On working with Gert Hof

I first met Gert in 1998 at a Theodorakis project in Berlin. At the time he seemed both aloof and down to earth, arrogant, an earthy labourer, unfriendly, persuasive, very strict in his ideas, a bit of a prima donna, a genius. He impressed me with his inimitable talent for analysis and his consistent thought structures. Gert turned out to be a control freak, a seismograph for human behavioural patterns. No matter if it was negotiations with our various partners or the planning of an upcoming event - he taught me to clearly recognise the panoply of human inadequacies, and especially my own. His persistent and merciless questions on each and every detail, his analytical brain soon revealed the true abilities - and particularly inabilities - of many of our partners. I hated him for this bluntness and soon got used to being thrown back on myself in my work. The air in the world we were about to conquer, I soon realised, was very thin indeed. Spurred on by Gert I made many decisions that would change my later life. During the first few months of our collaboration I often thought of him as a megalomaniac - until I made his megalomania into my own. I literally surrendered to the creative potential of his anguished brain and its architectural visions of light.


The invitation to stage the Berlin millennium celebration came out of the blue and at very short notice. For us the period between September and December 1999 became a baptism of fire, especially on an interpersonal level. I physically found out that success is married to war, separation and complete exhaustion - and all of this right up to the limits of endurance. Gert behaved as if he cherished this grey area, as if he meant to take on the whole wide world. He directed his pent-up anger - most of the time unfairly - at anyone around him and often himself. But at the same time he managed to inspire complete dedication in everyone working on the event.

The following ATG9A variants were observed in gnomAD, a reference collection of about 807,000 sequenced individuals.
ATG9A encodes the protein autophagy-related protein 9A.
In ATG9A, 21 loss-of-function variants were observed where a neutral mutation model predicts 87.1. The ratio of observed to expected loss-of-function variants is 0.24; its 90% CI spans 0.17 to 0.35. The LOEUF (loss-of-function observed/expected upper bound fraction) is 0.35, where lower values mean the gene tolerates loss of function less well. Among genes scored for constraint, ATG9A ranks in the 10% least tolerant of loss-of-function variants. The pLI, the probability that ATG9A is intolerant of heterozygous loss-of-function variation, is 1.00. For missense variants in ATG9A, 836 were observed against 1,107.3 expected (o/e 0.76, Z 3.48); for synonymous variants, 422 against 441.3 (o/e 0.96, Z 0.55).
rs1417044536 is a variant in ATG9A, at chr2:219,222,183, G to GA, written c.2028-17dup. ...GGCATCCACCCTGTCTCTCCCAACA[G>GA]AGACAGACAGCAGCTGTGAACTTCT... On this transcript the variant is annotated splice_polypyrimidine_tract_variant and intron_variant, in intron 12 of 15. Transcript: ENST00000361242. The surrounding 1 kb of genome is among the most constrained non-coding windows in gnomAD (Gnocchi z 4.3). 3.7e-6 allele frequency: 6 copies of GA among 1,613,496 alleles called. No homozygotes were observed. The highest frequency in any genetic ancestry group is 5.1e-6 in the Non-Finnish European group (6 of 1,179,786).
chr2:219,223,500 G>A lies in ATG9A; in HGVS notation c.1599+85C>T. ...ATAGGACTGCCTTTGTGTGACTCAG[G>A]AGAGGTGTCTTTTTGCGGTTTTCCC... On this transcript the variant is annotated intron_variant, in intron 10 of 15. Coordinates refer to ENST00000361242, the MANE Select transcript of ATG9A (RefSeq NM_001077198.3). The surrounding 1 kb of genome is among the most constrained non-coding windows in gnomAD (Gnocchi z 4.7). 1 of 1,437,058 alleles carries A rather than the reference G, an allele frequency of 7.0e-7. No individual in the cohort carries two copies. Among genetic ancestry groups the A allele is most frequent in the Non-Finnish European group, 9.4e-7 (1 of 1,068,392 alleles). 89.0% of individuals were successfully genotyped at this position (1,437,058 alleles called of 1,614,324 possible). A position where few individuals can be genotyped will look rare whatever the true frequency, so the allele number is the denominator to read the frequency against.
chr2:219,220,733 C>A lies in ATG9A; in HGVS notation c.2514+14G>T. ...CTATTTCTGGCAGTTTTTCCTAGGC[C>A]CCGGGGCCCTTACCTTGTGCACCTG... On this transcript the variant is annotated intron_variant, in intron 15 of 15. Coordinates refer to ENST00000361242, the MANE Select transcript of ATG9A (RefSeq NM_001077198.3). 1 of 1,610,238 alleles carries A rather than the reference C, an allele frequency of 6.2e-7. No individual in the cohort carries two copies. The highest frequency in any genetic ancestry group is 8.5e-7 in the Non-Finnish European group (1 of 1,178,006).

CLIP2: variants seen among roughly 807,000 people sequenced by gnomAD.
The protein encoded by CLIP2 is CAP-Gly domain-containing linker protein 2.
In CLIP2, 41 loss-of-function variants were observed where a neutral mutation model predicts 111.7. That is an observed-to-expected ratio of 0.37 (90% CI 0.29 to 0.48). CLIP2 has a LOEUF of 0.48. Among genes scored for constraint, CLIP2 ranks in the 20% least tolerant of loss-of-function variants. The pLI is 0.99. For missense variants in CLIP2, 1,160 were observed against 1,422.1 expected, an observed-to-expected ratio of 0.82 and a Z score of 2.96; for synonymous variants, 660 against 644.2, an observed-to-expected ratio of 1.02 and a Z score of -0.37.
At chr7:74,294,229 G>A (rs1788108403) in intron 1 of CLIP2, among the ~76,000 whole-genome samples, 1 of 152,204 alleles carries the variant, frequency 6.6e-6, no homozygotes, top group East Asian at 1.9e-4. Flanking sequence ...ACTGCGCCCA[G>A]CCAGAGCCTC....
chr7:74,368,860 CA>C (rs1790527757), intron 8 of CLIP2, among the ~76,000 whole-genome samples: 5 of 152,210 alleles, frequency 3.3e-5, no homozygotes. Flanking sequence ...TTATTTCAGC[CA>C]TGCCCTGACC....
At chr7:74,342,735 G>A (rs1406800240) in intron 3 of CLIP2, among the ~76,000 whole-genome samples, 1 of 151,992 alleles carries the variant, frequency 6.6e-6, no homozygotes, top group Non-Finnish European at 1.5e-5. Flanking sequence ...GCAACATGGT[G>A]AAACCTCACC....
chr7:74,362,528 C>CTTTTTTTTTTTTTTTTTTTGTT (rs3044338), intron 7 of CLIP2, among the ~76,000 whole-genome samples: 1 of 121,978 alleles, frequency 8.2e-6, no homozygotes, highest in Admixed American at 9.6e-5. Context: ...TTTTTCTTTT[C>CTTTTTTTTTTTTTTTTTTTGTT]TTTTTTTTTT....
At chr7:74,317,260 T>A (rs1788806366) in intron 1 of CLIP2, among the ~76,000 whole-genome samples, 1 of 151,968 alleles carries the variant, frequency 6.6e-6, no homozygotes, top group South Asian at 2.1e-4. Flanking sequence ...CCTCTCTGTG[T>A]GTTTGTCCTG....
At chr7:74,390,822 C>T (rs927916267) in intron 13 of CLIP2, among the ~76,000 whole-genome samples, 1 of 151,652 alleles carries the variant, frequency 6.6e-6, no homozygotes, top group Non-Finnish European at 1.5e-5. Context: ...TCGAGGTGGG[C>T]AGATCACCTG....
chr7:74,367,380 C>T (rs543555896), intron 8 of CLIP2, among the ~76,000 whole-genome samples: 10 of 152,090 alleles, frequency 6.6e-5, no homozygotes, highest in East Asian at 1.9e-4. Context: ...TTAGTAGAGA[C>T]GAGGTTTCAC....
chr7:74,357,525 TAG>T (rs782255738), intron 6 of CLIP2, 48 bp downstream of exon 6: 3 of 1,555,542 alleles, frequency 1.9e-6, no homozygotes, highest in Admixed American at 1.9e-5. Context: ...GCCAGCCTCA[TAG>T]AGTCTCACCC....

In Mike Oldfield I found the ideal musician for the project who, after intensive work together with Gert, composed a suitable musical backbone for our mega event. This was the birth of a new form of art. The international press named both the Berlin event and the simultaneous New Year's extravaganza on the Acropolis in Athens as two of the global Top 5 millennial events.
At the same time as the Berlin millennium celebration, Gert's second mega-event was taking place on the Acropolis, Europe's most important historical edifice. We had received this commission after many months of negotiations with the Greek Government. Greece wanted to make a statement both nationally and internationally - in this respect hiring a German director was both a courageous and, for those politically responsible, "risky" decision. But this wasn't the only reason why the Acropolis posed a very special challenge for Gert. He had the greatest respect for what the Parthenon symbolised for European civilisation, he wanted to create something truly special and unique. Gert had "moved" the Acropolis, showing it in a new light while at the same time paying homage to it. I remember how, two months before the event, he said to me on the holy hill: "here one has to practice humility." For months he was working day and night. The exertions were about to pay off: during the event the Acropolis was like a giant ship, gliding through a huge, dark Athens and time itself. GertÕs vision had become reality.


Ferropolis, Gert and Mikis: The best possible combination. This city of iron, this tiny island within a huge landscape torn apart by gigantic diggers, perfectly reflected the aesthetic and philosophical background of Theodorakis and Hof. On our first visit Gert was absorbed by Ferropolis, it was like an addiction that kept drawing him back to prepare the event. Here he had found something he had not experienced during the other events: He felt at home. Rusty monsters of steel, ubiquitous traces of hard human labour, the location's East German history, an all-pervasive melancholy, the fleeting loneliness - in July 2000 landscape, music and light formed an unrivalled unity.